Our Take: What struck us about (Un)Well, produced by Ken Druckerman, Banks Tarver, Anneka Jones, and Erica Sashin, is that it tries very hard to show legitimate uses and outcomes of the wellness treatments it profiles. Yes, it tries to strike a balance, as its equivocating title indicates; even the show’s title sequence shows the word Well longer than it shows (Un)Well. We get it; there are people who see the therapeutic uses in things like essential oils and don’t even attempt to claim they do anything but help. But it feels like the producers were more into the people who were making a buck off people’s gullibility and less about the people who are actually using these treatments in a reasonable and effective way.
If we wanted to see crackpot uses of alternative cures by people with too much time and money on their hands, we can flip over to a different Netflix series, The Goop Lab. What we wanted to see more of in the episode on essential oils were people like the nurse who was using them to help ease anxiety and other tensions. We wanted to see more examples like the family who was using the therapy to help their autistic teenage daughter Sarah sleep at night. What we didn’t care as much about were people trying to tout the oils as something that would shrink brain tumors, as the doTERRA salesperson claims happened to her when she was a kid.
It seemed to be too easy for the producers to go for the more sensational stories, like the Zielinskis. There are about ten different ways that you can scoff at what “Doctor” Z and his wife are doing, how they’re guided by God and their claims that the FDA is full of shit when the agency says that the oils can’t be taken internally. But the documentary presents their story with credulity, even if it’s unintentional. We understand why; it’s an example of how essential oils are big business. But if they wanted to achieve a balance between the good side and the bad side, more legitimate sources could have been found.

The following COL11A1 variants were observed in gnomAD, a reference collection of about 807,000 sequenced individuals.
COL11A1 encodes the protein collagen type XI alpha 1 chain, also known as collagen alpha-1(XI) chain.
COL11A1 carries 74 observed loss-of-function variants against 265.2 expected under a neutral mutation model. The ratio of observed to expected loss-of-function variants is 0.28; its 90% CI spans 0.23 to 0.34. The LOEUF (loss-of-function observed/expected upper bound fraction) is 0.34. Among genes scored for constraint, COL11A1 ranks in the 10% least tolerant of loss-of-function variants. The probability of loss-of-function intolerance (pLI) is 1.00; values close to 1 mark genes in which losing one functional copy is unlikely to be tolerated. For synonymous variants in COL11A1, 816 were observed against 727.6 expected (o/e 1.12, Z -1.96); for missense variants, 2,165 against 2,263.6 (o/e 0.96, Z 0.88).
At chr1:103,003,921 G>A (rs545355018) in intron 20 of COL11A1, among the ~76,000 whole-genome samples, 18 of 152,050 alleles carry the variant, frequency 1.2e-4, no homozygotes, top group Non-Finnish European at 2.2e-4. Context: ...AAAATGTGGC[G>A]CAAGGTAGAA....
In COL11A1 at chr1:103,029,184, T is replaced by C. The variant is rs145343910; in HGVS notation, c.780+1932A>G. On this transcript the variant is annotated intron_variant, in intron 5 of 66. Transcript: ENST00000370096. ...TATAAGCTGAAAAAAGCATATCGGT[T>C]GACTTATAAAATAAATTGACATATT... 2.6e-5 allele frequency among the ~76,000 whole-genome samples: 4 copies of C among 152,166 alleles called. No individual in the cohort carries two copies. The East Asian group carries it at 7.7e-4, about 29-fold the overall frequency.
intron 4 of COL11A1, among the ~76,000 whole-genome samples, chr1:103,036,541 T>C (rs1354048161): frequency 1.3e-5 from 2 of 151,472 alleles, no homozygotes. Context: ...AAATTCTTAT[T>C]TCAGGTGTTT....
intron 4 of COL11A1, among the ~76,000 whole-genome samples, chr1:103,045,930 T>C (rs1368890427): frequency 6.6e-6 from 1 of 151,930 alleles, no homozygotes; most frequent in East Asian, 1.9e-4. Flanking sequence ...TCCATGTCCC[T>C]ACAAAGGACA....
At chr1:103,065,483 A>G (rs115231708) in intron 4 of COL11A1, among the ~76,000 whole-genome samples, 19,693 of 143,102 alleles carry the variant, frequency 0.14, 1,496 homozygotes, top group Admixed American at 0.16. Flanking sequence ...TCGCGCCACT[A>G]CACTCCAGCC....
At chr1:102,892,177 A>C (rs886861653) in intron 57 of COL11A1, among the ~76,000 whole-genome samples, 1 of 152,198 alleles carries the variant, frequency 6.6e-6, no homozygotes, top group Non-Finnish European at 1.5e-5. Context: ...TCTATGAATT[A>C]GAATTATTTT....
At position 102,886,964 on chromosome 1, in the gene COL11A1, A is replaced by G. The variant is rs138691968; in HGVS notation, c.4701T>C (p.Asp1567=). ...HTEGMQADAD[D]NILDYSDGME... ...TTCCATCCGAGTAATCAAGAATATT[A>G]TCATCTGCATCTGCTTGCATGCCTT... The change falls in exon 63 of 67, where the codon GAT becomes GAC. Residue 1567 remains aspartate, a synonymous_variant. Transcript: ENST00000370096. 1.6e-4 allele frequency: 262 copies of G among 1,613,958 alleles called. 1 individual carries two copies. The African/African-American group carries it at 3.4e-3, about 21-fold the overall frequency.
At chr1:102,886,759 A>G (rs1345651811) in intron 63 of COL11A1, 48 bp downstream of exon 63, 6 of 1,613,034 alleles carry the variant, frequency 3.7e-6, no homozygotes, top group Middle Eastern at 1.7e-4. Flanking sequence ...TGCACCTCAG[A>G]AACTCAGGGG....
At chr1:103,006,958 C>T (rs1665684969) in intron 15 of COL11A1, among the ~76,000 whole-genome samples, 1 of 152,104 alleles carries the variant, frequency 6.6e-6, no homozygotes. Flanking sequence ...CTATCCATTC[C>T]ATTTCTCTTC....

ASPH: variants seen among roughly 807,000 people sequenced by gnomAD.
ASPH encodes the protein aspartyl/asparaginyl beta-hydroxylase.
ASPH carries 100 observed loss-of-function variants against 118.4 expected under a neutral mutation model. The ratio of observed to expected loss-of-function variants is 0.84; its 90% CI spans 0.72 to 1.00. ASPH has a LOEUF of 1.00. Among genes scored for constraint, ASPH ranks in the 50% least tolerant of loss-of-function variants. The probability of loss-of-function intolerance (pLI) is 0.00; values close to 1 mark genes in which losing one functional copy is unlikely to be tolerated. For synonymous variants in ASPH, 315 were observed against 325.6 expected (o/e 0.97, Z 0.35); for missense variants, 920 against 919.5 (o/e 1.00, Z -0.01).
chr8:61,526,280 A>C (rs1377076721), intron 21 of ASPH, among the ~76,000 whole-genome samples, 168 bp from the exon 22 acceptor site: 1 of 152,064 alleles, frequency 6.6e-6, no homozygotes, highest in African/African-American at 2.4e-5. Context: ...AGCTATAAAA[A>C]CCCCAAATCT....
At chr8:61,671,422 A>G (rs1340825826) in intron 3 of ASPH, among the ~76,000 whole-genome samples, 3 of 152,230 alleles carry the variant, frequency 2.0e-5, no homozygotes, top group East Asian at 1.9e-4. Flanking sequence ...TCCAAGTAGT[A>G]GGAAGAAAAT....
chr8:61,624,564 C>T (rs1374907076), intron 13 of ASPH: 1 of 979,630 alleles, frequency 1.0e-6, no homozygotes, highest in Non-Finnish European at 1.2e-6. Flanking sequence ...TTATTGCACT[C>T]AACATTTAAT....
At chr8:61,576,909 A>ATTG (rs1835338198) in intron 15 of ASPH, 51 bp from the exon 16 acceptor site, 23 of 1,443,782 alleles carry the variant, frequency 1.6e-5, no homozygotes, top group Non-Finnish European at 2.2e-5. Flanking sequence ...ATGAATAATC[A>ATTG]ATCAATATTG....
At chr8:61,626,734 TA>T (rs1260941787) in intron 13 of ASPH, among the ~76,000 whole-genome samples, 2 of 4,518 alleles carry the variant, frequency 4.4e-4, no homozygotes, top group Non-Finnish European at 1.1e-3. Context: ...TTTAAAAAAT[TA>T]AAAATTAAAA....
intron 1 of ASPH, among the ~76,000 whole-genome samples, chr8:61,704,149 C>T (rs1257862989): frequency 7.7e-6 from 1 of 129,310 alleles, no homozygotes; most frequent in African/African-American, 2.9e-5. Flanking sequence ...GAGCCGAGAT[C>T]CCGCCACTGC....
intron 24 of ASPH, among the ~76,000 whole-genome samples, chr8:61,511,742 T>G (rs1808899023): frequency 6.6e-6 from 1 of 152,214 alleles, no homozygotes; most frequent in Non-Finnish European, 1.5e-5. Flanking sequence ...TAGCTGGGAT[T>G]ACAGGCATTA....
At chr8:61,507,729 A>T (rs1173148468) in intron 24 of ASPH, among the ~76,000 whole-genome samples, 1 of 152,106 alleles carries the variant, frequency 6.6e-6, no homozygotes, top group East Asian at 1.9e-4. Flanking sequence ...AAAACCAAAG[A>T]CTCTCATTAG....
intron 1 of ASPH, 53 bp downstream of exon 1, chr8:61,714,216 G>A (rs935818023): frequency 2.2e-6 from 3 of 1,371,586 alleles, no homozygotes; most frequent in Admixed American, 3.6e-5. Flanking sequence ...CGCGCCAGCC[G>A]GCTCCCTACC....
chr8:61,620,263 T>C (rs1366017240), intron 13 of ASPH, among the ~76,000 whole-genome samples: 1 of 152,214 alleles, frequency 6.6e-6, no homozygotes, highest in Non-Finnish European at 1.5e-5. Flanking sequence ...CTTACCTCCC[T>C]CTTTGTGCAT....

Sex and Skin: We see people getting oils rubbed on different spots on their bodies, but that’s about it.
Parting Shot: We see Sarah, a few months into her aromatherapy treatment, happy and on a more even emotional keel, all because the oil infusions help her sleep better.
Sleeper Star: Anyone who was using the essential oils as a help and not as some sort of immunity booster or cure was the sleeper star in our book.
Most Pilot-y Line: Some of the production seams showed, like when we cut to Sarah’s mother trying to get her out of the car for their aromatherapy consultation. We see her mother looking off camera, then starting to get her daughter out of the car, like she was waiting for the director to call “action.”
Our Call: STREAM IT. If you can get past (Un)Well’s interest in the more charlatan-centric aspects of each wellness movement, it should hold some good information if you’re seeking some alternate ways to feel more healthy and happy.
Joel Keller (@joelkeller) writes about food, entertainment, parenting and tech, but he doesn’t kid himself: he’s a TV junkie. His writing has appeared in the New York Times, Slate, Salon, VanityFair.com, Playboy.com, Fast Company.com, RollingStone.com, Billboard and elsewhere.
Stream (Un)Well On Netflix